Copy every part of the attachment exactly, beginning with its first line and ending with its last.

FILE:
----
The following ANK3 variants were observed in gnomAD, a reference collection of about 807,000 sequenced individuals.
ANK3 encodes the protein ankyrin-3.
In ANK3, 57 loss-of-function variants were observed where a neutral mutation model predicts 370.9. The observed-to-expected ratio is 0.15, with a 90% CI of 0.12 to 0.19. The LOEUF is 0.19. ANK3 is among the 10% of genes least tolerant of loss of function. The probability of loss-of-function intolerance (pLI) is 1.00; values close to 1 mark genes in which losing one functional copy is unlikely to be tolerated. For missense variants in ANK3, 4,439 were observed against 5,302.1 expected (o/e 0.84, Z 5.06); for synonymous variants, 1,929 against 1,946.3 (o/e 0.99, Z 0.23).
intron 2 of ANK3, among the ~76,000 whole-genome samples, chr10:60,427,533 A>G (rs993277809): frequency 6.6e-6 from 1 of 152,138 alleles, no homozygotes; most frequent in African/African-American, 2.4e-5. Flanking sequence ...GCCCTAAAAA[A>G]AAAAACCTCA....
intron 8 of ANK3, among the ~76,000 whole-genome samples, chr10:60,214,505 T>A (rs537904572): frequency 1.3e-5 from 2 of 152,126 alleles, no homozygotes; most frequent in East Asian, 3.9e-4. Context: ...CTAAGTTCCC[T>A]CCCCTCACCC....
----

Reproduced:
The following ANK3 variants were observed in gnomAD, a reference collection of about 807,000 sequenced individuals.
ANK3 encodes the protein ankyrin-3.
In ANK3, 57 loss-of-function variants were observed where a neutral mutation model predicts 370.9. The observed-to-expected ratio is 0.15, with a 90% CI of 0.12 to 0.19. The LOEUF is 0.19. ANK3 is among the 10% of genes least tolerant of loss of function. The probability of loss-of-function intolerance (pLI) is 1.00; values close to 1 mark genes in which losing one functional copy is unlikely to be tolerated. For missense variants in ANK3, 4,439 were observed against 5,302.1 expected (o/e 0.84, Z 5.06); for synonymous variants, 1,929 against 1,946.3 (o/e 0.99, Z 0.23).
intron 2 of ANK3, among the ~76,000 whole-genome samples, chr10:60,427,533 A>G (rs993277809): frequency 6.6e-6 from 1 of 152,138 alleles, no homozygotes; most frequent in African/African-American, 2.4e-5. Flanking sequence ...GCCCTAAAAA[A>G]AAAAACCTCA....
intron 8 of ANK3, among the ~76,000 whole-genome samples, chr10:60,214,505 T>A (rs537904572): frequency 1.3e-5 from 2 of 152,126 alleles, no homozygotes; most frequent in East Asian, 3.9e-4. Context: ...CTAAGTTCCC[T>A]CCCCTCACCC....